combat application

Students practicing combat application during an Intensive Shaolin Kungfu Course

This article will help students answer many questions concerning intensive courses and special courses.

Let us compare as an example the Intensive Shaolin Kungfu Course to be held from 9th to 15th April in Penang and the Special Shaolin-Taijiquan Course to be held from 12th to 18th October in Sabah. The same principles apply to Taijiquan and chi kung courses.

The original aim of the Intensive Shaolin Kungfu Course was to train practitioners to be competent instructors. Skill development and combat application are the two pillars of any good kungfu training, but at the time I offered the first Intensive Shaolin Kungfu Course about 10 years ago, most kungfu students all over the world had little kungfu skills and could not apply their kungfu for sparring. A main reason for this deplorable situation was that most kungfu instructors themselves did not have these abilities. The course was meant to fulfil this need.

But over the years as more and more of our own Shaolin Wahnam students take this course, the main aim has shifted its emphasis from training instructors to providing a comprehensive course for fundamental kungfu training. These two aims are actually similar: any competent instructor must of course be well versed in fundamental kungfu training. The Intensive Shaolin Kungfu Course, Intensive Taijiquan Course and Intensive Chi Kung Course remain as a requirement for becoming a Shaolin, Taijiquan and chi kung instructor respectively of our school.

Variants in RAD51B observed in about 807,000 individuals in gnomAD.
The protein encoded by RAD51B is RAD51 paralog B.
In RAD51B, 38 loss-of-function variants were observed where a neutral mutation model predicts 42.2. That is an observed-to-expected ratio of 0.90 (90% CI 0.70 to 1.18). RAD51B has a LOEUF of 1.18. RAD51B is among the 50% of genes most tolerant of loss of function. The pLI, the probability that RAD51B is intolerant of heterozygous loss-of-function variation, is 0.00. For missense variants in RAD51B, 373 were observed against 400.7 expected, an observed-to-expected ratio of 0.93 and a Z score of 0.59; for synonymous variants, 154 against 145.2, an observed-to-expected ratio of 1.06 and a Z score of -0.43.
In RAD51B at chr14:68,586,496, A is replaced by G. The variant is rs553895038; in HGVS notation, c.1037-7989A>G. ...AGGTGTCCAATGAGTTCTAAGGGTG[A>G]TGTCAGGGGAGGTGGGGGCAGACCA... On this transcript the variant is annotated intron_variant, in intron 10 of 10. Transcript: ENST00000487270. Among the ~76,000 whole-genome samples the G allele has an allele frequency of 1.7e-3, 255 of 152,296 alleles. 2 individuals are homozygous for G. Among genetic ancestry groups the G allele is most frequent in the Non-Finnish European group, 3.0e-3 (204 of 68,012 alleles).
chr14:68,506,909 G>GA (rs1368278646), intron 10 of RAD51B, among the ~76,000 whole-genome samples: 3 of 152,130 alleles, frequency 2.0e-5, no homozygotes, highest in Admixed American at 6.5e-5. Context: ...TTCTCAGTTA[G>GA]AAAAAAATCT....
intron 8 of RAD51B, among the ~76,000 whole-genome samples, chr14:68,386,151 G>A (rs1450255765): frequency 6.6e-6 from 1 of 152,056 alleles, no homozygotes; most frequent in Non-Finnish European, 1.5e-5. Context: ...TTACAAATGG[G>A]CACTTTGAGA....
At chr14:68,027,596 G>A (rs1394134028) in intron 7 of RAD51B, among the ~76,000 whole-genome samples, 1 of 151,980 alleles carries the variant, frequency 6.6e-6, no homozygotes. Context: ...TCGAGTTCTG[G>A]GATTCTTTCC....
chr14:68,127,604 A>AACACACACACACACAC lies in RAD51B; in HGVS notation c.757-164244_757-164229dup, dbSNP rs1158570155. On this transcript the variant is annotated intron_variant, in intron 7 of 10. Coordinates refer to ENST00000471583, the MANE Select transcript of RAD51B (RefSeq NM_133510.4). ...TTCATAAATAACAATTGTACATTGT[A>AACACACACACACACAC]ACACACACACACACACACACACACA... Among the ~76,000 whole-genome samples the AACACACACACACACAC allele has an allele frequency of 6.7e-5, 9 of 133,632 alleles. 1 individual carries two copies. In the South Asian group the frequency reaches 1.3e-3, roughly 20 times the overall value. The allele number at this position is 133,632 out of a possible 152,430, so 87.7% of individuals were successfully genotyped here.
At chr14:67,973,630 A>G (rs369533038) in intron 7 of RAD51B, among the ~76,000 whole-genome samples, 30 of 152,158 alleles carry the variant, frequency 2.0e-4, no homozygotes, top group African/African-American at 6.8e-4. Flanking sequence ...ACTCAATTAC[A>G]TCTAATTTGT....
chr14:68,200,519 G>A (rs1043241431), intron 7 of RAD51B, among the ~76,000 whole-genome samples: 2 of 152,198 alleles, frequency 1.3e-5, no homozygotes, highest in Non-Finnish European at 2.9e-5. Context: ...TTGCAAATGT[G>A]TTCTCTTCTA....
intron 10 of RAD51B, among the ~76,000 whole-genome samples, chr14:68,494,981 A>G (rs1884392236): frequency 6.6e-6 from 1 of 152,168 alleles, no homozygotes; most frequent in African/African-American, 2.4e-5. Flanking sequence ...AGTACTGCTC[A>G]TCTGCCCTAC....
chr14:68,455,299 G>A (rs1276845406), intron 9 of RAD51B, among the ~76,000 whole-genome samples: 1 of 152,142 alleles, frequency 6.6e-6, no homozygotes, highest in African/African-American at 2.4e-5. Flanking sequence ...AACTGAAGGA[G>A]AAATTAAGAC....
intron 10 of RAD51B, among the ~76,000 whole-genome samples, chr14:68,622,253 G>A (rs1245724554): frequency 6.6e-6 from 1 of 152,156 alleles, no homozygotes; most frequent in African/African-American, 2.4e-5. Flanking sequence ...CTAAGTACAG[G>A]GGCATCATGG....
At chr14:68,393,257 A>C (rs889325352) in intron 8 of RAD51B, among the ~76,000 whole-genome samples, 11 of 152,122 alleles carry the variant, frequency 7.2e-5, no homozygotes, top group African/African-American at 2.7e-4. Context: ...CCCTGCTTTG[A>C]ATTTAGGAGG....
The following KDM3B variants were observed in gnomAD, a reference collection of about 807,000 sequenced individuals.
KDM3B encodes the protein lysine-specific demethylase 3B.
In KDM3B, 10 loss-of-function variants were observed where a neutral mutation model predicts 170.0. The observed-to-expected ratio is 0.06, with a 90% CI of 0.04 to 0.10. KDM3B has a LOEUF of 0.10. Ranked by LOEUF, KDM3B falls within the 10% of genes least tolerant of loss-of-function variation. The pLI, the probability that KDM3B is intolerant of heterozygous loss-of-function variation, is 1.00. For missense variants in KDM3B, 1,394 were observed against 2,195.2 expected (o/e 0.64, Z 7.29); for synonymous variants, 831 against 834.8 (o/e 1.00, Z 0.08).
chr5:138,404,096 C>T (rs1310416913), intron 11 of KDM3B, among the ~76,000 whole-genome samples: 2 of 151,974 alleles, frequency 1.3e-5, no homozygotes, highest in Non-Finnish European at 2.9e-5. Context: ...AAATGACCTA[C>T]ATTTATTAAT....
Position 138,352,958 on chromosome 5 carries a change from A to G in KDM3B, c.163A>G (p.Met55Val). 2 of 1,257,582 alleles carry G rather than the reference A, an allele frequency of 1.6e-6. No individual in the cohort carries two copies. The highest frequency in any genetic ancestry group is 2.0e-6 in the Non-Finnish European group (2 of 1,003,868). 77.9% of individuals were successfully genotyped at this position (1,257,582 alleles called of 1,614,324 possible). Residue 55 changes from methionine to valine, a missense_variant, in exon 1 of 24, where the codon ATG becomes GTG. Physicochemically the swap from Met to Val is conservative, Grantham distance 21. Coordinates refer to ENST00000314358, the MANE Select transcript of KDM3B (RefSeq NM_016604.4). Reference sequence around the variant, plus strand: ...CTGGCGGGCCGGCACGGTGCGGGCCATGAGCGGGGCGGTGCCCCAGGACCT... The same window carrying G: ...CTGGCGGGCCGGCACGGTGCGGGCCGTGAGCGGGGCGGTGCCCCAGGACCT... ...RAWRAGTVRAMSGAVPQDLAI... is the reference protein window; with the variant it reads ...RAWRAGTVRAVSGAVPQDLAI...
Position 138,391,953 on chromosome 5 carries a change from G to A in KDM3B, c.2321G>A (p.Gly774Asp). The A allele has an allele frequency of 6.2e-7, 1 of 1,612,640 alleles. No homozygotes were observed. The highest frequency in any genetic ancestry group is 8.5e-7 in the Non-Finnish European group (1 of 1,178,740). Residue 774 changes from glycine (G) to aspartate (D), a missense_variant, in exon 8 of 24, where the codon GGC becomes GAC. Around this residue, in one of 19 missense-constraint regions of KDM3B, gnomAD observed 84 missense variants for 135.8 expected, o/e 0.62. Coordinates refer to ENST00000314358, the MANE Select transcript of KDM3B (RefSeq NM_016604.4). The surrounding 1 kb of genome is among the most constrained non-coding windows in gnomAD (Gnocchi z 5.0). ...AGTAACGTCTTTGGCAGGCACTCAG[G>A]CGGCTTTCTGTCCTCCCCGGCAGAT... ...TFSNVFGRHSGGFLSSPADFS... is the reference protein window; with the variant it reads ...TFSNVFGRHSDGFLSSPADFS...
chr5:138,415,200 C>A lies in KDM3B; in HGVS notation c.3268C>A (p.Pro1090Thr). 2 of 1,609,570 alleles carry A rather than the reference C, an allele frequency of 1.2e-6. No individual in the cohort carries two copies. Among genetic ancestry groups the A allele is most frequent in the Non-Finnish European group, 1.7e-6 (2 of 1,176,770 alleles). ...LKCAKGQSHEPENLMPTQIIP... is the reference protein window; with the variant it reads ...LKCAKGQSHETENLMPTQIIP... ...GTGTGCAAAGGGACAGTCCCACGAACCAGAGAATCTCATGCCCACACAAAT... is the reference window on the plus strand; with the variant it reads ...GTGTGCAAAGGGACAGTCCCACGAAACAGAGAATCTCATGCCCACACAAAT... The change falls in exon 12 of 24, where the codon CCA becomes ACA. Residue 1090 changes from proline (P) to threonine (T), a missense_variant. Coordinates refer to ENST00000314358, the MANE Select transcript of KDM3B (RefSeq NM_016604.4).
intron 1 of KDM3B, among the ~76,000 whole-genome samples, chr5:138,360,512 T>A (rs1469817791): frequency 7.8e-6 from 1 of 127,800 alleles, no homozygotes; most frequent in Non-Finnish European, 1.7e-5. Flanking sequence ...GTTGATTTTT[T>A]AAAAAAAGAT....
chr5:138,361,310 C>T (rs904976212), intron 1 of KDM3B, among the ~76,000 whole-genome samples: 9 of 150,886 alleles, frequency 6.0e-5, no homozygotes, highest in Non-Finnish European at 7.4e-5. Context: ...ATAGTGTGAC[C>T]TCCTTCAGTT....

The Shaolin Kungfu Course is a fantastic course, covering all important aspects of Shaolin training, including stances, footwork, basic patterns, combat skills, internal force, combat sequences, combat application in all the four categories of striking, kicking, felling and chin-na, counters against other martial arts, tactics, strategies and kungfu philosophy. Our distracters may be angry at what I am going to say, but it is true that a student learns more in five days in this course than many other kungfu practitioners learn in many years.


Grandmaster Wong demonstrates how to develop internal force in the Triple-Stretch Set during a regional special course

It was not too long ago when many people wondered why we in Shaolin Wahnam did not practice classical sets. (Now they may wonder why we practice so many classical sets!) The reason was to meet expedient needs. Classical sets represent the crystallization of the best techniques, tactics and strategies of past masters, though many students performing these sets today may not know them. These techniques, tactics and strategies are too sophisticated for beginners. If you begin with classical sets, you would not be able to use their sophisticated patterns effectively for combat. At best you would perform these classical sets for demonstration, and resort to boxing and kick-boxing when sparring.

To help you overcome this problem I selected relatively simple techniques and tactics, and linked them into combat sequences for you to train combat application. This method is very cost-effective. Not only you become combat efficient in a short time (in a much shorter time than I myself took), you are also comprehensive in your combat ability, being able to handle all categories of attack (an ability not many martial artists may have).